Fun in the Estate
Next weekend, a day-long folk festival in Ballard Estate hopes to reopen and revive the public spaces movement in a city starved of cultural playgrounds
Our first visit to Ballard Estate was as a college student, who had lost her way in an attempt to find the Mint. We had strayed into unfamiliar terrain but the wide roads, leafy sidewalks and impressive architectural identity took our breath away. It was a far cry from anything that we had come across in the rest of SoBo.
We were transfixed by the Port Trust War Memorial, lost ourselves in the decadent interiors of Britannia & Co and ended up spending a good two hours there. Years later, armed with information, we made several trips to this business district that was designed by George Wittet, who had in his portfolio, The Gateway of India and Prince of Wales Museum (now CSMVS). However, what struck us was that this well-planned neighbourhood remained under-utilised beyond it being a hub for the port offices, commerce and trade, especially after office hours and on weekends.
Now, the landscape is set for a change. "In 2013, the Indian Heritage Society of Mumbai used to organise Art in the Park sessions across neighbourhoods in the city. We felt Ballard Estate needed to be a part of it. We had approached the Mumbai Port Trust to take it further, and now, it is finally happening. We will hold a folk festival on December 16. It has remained an untapped area for too long," says Anita Garware, its chairperson, and key player in the city's heritage movement for over two decades. Called A Day in Ballard Estate, it will include free activities for kids and grown-ups, from performances by local artistes to artisan workshops, open-air art galleries, food stalls, live weaving demos, painting competitions and art sessions on Shoorji Vallabhdas Road.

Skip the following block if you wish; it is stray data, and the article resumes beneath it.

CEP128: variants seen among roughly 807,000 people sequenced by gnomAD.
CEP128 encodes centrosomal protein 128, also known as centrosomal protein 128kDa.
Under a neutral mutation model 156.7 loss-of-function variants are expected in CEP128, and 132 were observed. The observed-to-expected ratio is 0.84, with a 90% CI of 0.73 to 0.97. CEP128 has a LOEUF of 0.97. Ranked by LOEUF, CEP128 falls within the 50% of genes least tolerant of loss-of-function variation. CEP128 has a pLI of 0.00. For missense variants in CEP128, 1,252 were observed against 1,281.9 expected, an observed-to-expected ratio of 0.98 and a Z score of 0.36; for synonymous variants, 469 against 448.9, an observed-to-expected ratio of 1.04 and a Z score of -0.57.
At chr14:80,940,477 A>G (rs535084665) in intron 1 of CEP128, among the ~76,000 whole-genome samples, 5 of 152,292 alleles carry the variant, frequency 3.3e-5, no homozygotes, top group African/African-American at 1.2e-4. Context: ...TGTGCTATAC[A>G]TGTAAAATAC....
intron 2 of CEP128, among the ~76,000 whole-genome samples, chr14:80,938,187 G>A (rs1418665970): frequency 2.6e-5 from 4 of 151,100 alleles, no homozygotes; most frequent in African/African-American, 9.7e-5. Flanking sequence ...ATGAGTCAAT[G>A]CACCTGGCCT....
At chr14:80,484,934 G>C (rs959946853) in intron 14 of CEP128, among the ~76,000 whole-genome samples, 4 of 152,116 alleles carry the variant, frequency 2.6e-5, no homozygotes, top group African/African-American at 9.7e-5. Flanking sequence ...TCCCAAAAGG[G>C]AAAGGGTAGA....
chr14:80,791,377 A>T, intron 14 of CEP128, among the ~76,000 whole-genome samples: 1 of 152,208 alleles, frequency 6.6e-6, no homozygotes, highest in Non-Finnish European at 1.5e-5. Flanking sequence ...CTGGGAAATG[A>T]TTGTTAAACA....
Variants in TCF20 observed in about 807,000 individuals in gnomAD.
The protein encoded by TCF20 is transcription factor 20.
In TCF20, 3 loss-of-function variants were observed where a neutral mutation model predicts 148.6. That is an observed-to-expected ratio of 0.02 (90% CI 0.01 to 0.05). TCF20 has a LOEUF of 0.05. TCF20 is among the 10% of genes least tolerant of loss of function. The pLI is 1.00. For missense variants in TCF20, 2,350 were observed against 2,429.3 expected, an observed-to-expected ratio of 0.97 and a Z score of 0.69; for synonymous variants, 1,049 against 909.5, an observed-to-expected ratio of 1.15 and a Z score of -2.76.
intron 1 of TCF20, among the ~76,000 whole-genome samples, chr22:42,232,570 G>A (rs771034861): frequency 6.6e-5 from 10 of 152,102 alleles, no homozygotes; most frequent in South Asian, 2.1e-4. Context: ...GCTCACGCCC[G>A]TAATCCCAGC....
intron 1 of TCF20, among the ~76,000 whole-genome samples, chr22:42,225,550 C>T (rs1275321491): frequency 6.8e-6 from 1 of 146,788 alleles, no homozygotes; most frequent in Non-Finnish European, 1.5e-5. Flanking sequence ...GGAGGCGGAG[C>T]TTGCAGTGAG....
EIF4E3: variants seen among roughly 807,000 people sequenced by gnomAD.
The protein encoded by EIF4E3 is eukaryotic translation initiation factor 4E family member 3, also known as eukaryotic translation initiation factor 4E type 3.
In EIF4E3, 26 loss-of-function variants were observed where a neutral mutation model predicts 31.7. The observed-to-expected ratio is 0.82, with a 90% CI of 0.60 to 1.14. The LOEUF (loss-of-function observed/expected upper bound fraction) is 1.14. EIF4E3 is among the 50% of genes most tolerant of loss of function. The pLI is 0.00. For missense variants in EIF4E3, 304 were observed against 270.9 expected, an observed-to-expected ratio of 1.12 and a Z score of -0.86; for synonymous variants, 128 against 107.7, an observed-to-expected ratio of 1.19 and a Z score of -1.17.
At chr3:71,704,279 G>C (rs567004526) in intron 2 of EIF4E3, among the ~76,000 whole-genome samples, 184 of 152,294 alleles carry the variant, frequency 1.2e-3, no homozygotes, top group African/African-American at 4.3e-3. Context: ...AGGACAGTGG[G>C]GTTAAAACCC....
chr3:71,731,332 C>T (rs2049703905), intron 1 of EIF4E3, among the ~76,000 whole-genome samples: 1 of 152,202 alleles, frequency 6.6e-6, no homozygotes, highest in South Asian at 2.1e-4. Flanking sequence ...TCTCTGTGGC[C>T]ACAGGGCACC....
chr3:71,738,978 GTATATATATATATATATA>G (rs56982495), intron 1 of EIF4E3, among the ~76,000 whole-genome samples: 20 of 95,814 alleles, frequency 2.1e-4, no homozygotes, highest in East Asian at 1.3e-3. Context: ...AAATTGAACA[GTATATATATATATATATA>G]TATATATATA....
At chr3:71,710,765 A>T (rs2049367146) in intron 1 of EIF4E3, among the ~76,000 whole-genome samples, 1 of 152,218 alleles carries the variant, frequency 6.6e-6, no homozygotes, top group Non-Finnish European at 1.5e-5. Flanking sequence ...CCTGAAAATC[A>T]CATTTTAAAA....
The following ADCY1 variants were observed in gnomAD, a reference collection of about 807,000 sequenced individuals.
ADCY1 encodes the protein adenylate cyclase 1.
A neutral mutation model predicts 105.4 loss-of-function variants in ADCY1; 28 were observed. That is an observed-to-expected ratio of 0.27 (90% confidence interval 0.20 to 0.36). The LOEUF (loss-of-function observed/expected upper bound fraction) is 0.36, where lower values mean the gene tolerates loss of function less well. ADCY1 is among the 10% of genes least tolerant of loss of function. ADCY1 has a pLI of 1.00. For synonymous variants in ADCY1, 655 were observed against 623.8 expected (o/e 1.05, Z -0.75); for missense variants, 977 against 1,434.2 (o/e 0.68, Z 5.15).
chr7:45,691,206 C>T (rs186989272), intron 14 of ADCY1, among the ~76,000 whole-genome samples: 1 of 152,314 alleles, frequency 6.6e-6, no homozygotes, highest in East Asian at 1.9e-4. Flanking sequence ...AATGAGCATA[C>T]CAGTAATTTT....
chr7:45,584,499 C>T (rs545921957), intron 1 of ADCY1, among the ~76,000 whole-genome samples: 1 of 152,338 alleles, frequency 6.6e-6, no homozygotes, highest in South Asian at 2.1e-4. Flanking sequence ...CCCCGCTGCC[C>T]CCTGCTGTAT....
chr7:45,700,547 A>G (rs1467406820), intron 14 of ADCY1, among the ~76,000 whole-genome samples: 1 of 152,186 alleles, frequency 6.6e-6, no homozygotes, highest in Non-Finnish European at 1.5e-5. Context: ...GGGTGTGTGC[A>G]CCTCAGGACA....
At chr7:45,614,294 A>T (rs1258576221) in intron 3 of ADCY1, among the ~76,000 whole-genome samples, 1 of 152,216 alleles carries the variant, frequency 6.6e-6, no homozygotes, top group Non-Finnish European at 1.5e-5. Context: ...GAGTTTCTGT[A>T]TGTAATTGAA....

She is excited that years of perseverance are finally paying off. "We had mooted this proposal to MbPT (Mumbai Port Trust) in 2014. Sanjay Bhatia, its chairperson, played a big role in reopening this space." In the interim, this area witnessed a festival in 2016 put up by another concern that ended as a damp squib. The Society's revised idea got the nod in September 2018 but then began the logistic nightmare that came with a long list of permissions to take it forward — from the BMC, MCGM, the Fire and Traffic Departments and BEST to smaller agencies to ensure the event had sufficient generators.
"It was well worth it. The support of Bombay Chamber of Commerce & Industry, Union Ministry of Tourism and countless agencies ensured things were on track. Our mandate is to create new avenues for cultural awareness, and keep it alive for future generations. Mumbai needs it now more than ever before," she signs off.
On December 16, 11 am
At Shoorji Vallabhdas Road, Ballard Estate.
. Dhol tasha, tutari and lezim performers
. Culinary delights from East Indian, Koli and Pathare Prabhu communities
. Artisans from Maharashtra, Gujarat and Madhya Pradesh
. Free workshops and live demos in terracotta pottery and use of handloom
. Open-deck bus rides in the old Bombay Fort area
. Documentaries of the origins of the port and Ballard Estate
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